Punxsutawney Phil doesn’t live in Whitefish for a reason. The odds of a groundhog ever seeing a ray of sunshine during a Flathead Valley sun-free winter is just about nil. And shadow or no, everyone knows those winters will never end in six weeks or less.
By the time the local residents have flipped their calendars over to the month of February, the long months of sun deprivation will have visibly taken a toll on many. The distractions inherent with a bustling holiday season can only last so long, and in with the new year comes the cabin fever and depression. Unfortunately any time spent outside, such as on the slopes of the Big Mountain, can offer little in the way of light nourishment for those noticeably deficient in vitamin D.
The Big Mountain isn’t as big as its name implies, and from my experience, it rarely offered the skiers who graced its slopes with an elevation sufficient enough to place them above the foggy cloud that casts a perpetual shadow over the valley throughout the winter. Quite the opposite in fact, for when the resort’s chair lifts drop sun-seeking skiers off at the top of the mountain, it tends to plop them right down in the thickest part of the cloud. It’s enough to make your head spin, hence my personal Big Mountain nickname, “the vertigo capital of the world.”
Around the time Punxsutawney, Pennsylvania is preparing to celebrate the appearance of a groundhog named Phil in accordance with the region’s traditional German folklore, Whitefish, Montana is attempting to revive its winter-weary citizenry with an annual Winter Carnival under the auspices of honoring an old Nordic Snow King named Ullr.
Now old folklore doesn’t always make sense, which is probably why the tale of King Ullr never made any sense to me. Aside from the fact that it was “once upon a time”, I could never understand why any seafaring Nordic King would insist on making his Snow Queen and royal entourage trek inland 550 miles away from the nearest coastline to settle in a place like Whitefish. Just to say he was King of the Big Mountain? And while some would say it’s always good to be king of something, perhaps the legend was simply one of convenience. Even a good excuse to have a parade.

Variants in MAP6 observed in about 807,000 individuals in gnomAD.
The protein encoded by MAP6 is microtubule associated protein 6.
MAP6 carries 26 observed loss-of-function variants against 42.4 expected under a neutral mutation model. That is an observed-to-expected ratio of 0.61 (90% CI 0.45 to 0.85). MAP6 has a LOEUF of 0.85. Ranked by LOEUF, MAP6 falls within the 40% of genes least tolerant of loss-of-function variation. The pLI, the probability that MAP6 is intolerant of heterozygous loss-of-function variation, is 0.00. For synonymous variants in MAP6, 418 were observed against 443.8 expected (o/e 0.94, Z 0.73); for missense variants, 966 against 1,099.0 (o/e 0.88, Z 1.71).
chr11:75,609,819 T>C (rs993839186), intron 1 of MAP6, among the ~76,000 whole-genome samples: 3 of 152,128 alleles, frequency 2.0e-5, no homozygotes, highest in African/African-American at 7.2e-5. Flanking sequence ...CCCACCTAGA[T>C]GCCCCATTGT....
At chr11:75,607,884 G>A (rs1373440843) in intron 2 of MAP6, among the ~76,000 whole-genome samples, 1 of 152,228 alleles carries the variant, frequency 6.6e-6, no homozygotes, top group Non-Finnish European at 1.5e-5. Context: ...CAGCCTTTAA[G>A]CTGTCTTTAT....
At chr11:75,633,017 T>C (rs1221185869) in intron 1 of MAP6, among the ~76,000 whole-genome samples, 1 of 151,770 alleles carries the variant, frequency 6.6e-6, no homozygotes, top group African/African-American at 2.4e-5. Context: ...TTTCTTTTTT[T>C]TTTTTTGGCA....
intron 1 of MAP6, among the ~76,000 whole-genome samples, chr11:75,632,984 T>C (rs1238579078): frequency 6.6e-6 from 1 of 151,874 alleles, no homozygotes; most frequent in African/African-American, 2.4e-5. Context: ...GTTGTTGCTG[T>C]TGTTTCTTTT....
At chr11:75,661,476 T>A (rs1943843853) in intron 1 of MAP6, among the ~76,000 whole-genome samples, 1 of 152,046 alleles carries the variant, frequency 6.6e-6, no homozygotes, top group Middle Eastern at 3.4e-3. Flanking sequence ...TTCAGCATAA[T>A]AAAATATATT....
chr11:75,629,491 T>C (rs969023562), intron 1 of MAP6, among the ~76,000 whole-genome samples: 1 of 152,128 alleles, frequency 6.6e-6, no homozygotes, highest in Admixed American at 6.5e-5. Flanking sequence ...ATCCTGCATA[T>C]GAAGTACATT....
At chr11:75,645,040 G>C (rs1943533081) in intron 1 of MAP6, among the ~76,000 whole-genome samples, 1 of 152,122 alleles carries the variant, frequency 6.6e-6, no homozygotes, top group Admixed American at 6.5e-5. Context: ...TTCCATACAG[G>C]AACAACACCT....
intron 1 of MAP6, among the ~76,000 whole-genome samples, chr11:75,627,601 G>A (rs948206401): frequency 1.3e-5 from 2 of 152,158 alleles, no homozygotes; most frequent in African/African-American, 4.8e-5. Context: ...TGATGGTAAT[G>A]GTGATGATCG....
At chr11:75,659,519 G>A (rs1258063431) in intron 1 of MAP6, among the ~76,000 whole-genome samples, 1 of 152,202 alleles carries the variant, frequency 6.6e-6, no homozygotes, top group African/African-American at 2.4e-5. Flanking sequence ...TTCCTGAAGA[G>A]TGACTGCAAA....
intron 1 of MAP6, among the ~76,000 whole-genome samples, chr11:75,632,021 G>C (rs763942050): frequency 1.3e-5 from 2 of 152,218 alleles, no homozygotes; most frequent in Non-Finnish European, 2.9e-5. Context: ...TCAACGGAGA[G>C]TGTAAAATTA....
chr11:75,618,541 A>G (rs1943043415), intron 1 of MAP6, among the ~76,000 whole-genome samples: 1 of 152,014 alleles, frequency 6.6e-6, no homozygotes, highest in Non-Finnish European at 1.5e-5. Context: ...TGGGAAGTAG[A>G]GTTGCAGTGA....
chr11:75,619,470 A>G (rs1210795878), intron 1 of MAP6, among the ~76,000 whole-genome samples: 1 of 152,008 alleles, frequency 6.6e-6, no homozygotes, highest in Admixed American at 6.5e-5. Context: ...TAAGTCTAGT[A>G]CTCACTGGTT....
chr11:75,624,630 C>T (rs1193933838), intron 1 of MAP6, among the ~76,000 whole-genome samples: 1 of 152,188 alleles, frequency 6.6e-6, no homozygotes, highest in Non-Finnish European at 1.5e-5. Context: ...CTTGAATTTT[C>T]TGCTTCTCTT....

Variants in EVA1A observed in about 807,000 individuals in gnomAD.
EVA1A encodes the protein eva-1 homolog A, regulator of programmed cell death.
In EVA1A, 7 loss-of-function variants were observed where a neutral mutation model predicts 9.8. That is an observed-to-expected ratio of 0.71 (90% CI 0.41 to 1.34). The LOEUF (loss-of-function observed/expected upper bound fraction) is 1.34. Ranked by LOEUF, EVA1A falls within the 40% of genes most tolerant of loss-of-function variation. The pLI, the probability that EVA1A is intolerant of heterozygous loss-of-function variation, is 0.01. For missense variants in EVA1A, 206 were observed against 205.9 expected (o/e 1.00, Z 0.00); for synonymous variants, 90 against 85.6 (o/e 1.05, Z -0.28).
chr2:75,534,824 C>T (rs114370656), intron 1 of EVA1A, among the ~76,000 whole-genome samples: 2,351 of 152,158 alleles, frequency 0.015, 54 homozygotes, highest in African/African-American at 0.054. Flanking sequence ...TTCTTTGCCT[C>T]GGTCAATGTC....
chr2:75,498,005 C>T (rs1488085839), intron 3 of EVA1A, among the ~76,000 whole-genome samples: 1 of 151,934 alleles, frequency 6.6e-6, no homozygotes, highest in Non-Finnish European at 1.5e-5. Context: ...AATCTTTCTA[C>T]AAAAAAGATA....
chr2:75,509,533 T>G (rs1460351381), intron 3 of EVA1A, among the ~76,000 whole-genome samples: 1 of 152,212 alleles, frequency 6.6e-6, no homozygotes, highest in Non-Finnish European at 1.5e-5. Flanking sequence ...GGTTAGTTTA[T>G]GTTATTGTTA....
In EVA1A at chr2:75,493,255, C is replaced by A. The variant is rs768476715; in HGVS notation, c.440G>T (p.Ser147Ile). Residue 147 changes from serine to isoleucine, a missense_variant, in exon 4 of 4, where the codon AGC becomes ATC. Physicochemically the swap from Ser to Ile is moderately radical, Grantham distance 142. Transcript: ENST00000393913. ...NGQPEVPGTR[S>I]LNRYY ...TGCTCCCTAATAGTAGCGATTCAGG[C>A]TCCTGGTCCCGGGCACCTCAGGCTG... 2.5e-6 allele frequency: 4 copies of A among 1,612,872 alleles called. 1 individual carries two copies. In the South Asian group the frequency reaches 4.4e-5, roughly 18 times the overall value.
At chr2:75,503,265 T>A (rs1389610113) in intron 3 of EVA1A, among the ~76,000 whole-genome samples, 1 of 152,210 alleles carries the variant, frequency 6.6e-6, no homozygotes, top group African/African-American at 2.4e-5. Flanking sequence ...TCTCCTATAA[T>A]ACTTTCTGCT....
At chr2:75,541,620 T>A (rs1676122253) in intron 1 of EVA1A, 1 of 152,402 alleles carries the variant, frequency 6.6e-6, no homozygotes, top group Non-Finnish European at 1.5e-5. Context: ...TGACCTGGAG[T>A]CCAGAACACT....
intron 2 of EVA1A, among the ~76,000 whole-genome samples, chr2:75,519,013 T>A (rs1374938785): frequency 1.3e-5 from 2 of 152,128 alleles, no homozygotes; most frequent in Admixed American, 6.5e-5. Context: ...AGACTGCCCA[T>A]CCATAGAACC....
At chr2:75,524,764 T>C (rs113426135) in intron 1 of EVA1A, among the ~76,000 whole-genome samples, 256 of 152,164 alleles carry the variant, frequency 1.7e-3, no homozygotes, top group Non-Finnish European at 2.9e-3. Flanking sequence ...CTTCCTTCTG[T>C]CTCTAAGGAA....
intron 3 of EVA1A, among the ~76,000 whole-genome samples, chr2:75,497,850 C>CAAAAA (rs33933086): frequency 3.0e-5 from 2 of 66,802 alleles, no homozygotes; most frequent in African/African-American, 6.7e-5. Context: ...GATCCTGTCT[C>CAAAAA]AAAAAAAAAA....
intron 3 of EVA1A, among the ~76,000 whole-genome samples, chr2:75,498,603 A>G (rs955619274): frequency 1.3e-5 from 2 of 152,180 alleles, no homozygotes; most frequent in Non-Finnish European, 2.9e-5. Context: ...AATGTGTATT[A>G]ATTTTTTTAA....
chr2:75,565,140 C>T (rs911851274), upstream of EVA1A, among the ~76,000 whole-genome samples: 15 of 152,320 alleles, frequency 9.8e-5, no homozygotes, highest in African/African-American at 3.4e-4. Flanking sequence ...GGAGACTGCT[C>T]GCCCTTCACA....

Whatever the story, February’s Winter Carnival in Whitefish is considered a local tradition, replete with surrogate royalty selected from the community’s most prominent socialites. The parade is one of the carnival’s main events, and its participants are recruited from every school, business, restaurant, church, and organization in the area.
I’ll never forget my first Winter Carnival parade in 1993. The skies were as clear as could be expected under the abiding cloud cover, and it was bitter cold, which I suppose was to be expected as well. It didn’t seem to matter to the gathering crowds who were appropriately dressed for the occasion. The Yetis in the parade that were heavily dressed in fleecy costumes were undoubtedly grateful for the freezing temperatures, especially since their primary purpose was to run along the parade route, throw candy into the crowds, and terrorize unsuspecting spectators with creepy Yeti pinches.